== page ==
Colorado - Tetons Trip
With two weeks off Dinah and I decided we could use a change of scenery and new challenges. We opted for the fourteeners in Colorado. Climbing peaks over 14,000 feet (4267 m) would put us higher than any peak in the Canadian Rockies (the highest peak, Mount Robson, is 12972 ft or 3954 m). Unlike the rugged Canadian Rockies, bagging most Colorado fourteeners requires only a day hike.
August 25: Drive to Wyoming
August 26: Colorado
To get some exercise, we did a short hike to Pawnee Buttes before going to an info centre to find a campground. We stayed at Riverview Campground (5100 ft, 1560 m) in Loveland. That evening we had a heavy rainfall that partially collapsed our neighbour's tent. They had dressed up and gone to a wedding only to return late in the evening to a sodden tent. We heard them pack up and drive away at night.
August 27: Orientation
We drove west to Estes Park on HWY 34 and continued south on HWY 7 to Longs Peak campground/trailhead. There we talked to George Bush, the volunteer campground manager. Coincidentally, he had worked for the federal government in Washington before retiring. He told us fascinating stories about his career and about drunken campers.
He said all but two people turned back the previous day on Longs Peak because of ice and snow. He had no information on the group that chose to continue up. We planned to camp at Longs Peak campground and hoped the trail conditions would improve.
After leaving the campground, we drove to Brainard Lake, the trailhead for Mount Audubon. First though, we had to pay $7.00 for a five-day pass. After viewing the mountain we drove to Denver via Boulder City. In Denver, we checked out REI, a large cooperative store like MEC. Then it was an hour's drive back to the campground.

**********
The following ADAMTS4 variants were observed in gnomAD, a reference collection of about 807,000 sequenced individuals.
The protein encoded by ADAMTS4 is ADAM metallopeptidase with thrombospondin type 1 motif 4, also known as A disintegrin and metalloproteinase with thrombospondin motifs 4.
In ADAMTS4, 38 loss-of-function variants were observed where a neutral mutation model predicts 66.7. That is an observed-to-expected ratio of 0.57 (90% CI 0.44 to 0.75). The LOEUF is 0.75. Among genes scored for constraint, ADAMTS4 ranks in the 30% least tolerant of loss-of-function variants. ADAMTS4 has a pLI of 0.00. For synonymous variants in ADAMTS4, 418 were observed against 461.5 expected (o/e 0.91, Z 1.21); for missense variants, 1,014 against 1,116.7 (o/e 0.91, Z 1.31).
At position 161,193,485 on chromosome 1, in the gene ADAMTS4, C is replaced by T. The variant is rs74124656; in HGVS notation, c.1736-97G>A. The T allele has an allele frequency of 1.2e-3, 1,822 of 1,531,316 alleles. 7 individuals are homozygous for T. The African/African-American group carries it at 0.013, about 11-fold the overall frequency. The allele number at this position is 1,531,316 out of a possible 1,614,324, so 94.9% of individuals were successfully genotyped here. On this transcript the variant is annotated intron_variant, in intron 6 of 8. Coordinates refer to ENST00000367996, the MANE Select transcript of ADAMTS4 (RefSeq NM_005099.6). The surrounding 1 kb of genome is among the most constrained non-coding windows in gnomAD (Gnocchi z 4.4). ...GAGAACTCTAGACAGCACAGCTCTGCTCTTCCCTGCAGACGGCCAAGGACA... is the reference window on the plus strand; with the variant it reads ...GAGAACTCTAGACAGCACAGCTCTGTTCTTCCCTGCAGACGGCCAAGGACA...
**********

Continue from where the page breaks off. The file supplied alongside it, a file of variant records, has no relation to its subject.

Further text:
August 28: Mount Audubon
On Mount Audubon we developed headaches that worsened as the day wore on. Too ill to cook at the campground, we drove to Estes Park to grab a bite to eat. By dinnertime we both had blinding headaches. The slightest movement, especially bending down and straightening, required a moment's pause because of the pain. The headaches were far worse than either of us had ever experienced and they were soon accompanied by nausea.
Back at the campground, I took to the tent and crawled into my sleeping bag. It was not yet 7:00 pm. Dinah joined me a half hour later. Mercifully I soon fell asleep.
August 29: Recovery
Yesterday's storm deposited more snow and ice making Longs Peak unattainable for a couple more days. Rather than wait around for the snow to clear off the mountain (there were no other fourteeners in the area) we moved on. We pulled down our tent and drove southwest to Silverthorne.
We camped at Heaton campground (8770 ft, 2762 m) next to Dillon Reservoir. This was a great campground that put us near several fourteeners.
By evening, I felt fine; no headache or dizziness. Dinah's headache disappeared but she still suffered from dizziness. Too bad we spent the day recovering as it was a nice day and our first without rain.
August 30: Mount Quandary
August 31: Lincoln Group
September 1: Mount Evans and Denver
Then we drove to Denver to do more shopping at REI. I signed up for a membership. I learned it was worthwhile if I spent more than $150: it costs $15 to join for life and at the end of the year you get 10% back on your purchases. You can also shop over the internet.
September 2: Grays Group
September 3: Drive to Wyoming
We had hoped to reach Grand Teton National Park in one day, but the drive took longer than expected. A navigation error caused us to miss a turn and we ended up driving through the NE corner of Utah. Although it added some time, the scenery was incredible.
We stopped at a motel in Pinedale, about 2 hours drive from the park. Although this was a tiny town, the oil industry was booming here. Our cheap motel was an expensive stay.
We saw hundreds of pronghorns while driving through west central Wyoming
September 4: Grand Teton National Park
September 5: Teewinton
I was disappointed in the Tetons. The mountains are more rugged than the Colorado fourteeners, closer resembling the peaks in the Canadian Rockies, but this tiny park holds but few big peaks and the views were obscured by the haze:
September 6: Return to Calgary